Democrats are finally nearing the end on a legacy-defining win for President Joe Biden and the party. But for them to cross the finish line, progressives will have to accept a bill that’s far less than what they wanted—handing a win to moderates like Sens. Joe Manchin (D-WV) and Kyrsten Sinema (D-AZ)—while the left swallows yet another social welfare spending half-loaf.
And yet, they’re happy to do it. For the most part.
“I got a trillion-and-a-half of progressive wish list items, instead of every wish list item? So, at Christmas, I have 20 presents instead of 30 presents under the tree?” Rep. Mark Pocan (D-WI), a former chair of the Congressional Progressive Caucus, said. “I think I’m still gonna open the 20. I’m not going to say, ‘Mom, Dad, tell Santa to come back and take them away.’”
Progressives hoped the proposed spending package would fulfill the promises Democrats campaigned on for years: expanded Medicare coverage for vision and dental benefits, immigration reform, free community college, a new clean electricity standard, universal paid leave, and a permanent extension of direct payments to most U.S. families.
Under their thin and ideologically fractious majorities in Congress, however, it was always going to be a long shot that Democrats would convert all of these lofty goals into reality.
But few anticipated just how many of those campaign promises would end up on the cutting-room floor, as Manchin and Sinema leveraged their ambivalence about passing anything in the 50-50 Senate to slash $2 trillion from a proposed $3.5 trillion package.
This week, with a deal in reach that would seal the defeat of so many of their goals, progressives aren’t despairing, or threatening to blow up the delicate balance of power. Instead, they’re claiming the so-called Build Back Better as an unequivocal win.
Rep. John Yarmuth (D-KY) argued the bill shows Biden is “the first president” Democrats have had in the modern era who understands the need for major societal investments.
“Any individual bill which provided universal pre-K would be a major legislative achievement,” Yarmuth said. “Any bill that set up affordable, quality child care would be an astounding accomplishment. All of these elements, standing on their own, I think are incredibly important. So I don't apologize for any of it.”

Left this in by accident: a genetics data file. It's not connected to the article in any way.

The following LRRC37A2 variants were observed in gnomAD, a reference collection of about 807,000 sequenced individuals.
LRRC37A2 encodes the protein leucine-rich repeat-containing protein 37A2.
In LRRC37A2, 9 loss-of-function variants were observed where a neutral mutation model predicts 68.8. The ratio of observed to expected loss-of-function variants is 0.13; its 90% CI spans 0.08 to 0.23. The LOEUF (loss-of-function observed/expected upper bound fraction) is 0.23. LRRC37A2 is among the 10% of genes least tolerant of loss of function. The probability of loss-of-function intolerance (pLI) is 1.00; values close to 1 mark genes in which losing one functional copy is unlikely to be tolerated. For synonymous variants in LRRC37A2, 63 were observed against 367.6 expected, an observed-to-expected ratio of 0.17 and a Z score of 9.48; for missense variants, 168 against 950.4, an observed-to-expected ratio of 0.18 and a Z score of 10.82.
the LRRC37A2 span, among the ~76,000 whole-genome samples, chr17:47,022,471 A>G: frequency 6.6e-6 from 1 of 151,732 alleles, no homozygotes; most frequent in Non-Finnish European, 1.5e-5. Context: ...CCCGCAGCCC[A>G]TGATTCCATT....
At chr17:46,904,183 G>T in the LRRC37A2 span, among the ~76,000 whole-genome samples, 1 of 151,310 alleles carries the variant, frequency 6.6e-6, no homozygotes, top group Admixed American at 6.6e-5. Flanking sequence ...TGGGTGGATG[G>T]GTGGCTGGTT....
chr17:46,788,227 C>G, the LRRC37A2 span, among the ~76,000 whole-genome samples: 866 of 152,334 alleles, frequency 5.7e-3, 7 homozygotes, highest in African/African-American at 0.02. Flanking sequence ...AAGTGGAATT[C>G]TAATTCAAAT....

Another liberal Democrat, Rep. Jared Huffman of California, said for those claiming progressives were making the perfect the enemy of the good, “perfect left the building a long time ago.”
“We are so far gone from perfect that it’s laughable,” he said. “Progressives have been pragmatic, we have been the upholders of President Biden’s agenda, and we are prepared to accept a fraction of what we hoped and dreamed we could accomplish here.”
Many progressives genuinely agree with these points. Politically, however, they have little choice but to do what Speaker Nancy Pelosi privately urged them, and “embrace” the bill that they have.
Some lawmakers may have thrown down would-be red lines—saying they would not vote for a bill that did not contain this or that priority—but few believe a critical mass of progressives would tank a bill for not being enough.
As the White House and Democratic leaders have always known, if the choice is $1.5 trillion or $0, they’ll take what they can get. As one lawmaker who wished to remain anonymous put it, liberals “wouldn’t sink the child tax credit [or] significant climate action. I think that’s B.S.”
The ability of progressives to play legislative hardball has always had a powerful limiting factor: These are the members, by and large, who most want to pass something the most.
That understanding has weakened the ability of liberal lawmakers to actually impose their will on the Build Back Better agenda.
On Tuesday, Yarmuth recalled to The Daily Beast the candid reality check he’d given his colleagues at a morning meeting. “I said, ‘You can posture all you want, you can say what you’re for or against, but in the end, you’re going to vote for whatever it is,’” Yarmuth said. “‘Just realize that!’”
The direction of negotiations, however, seems tailor-made to test progressives’ resolve—and, seemingly, even more moderate lawmakers.
On Wednesday afternoon, lawmakers confirmed that Manchin had successfully pushed for the elimination of a paid family leave proposal that was almost universally popular in the party. Pelosi was reportedly using the paid leave plank as a rebuttal to Democrats who were displeased that the legislation was not bold enough.
Now, that key part of her sales pitch is gone because Manchin just didn’t want it.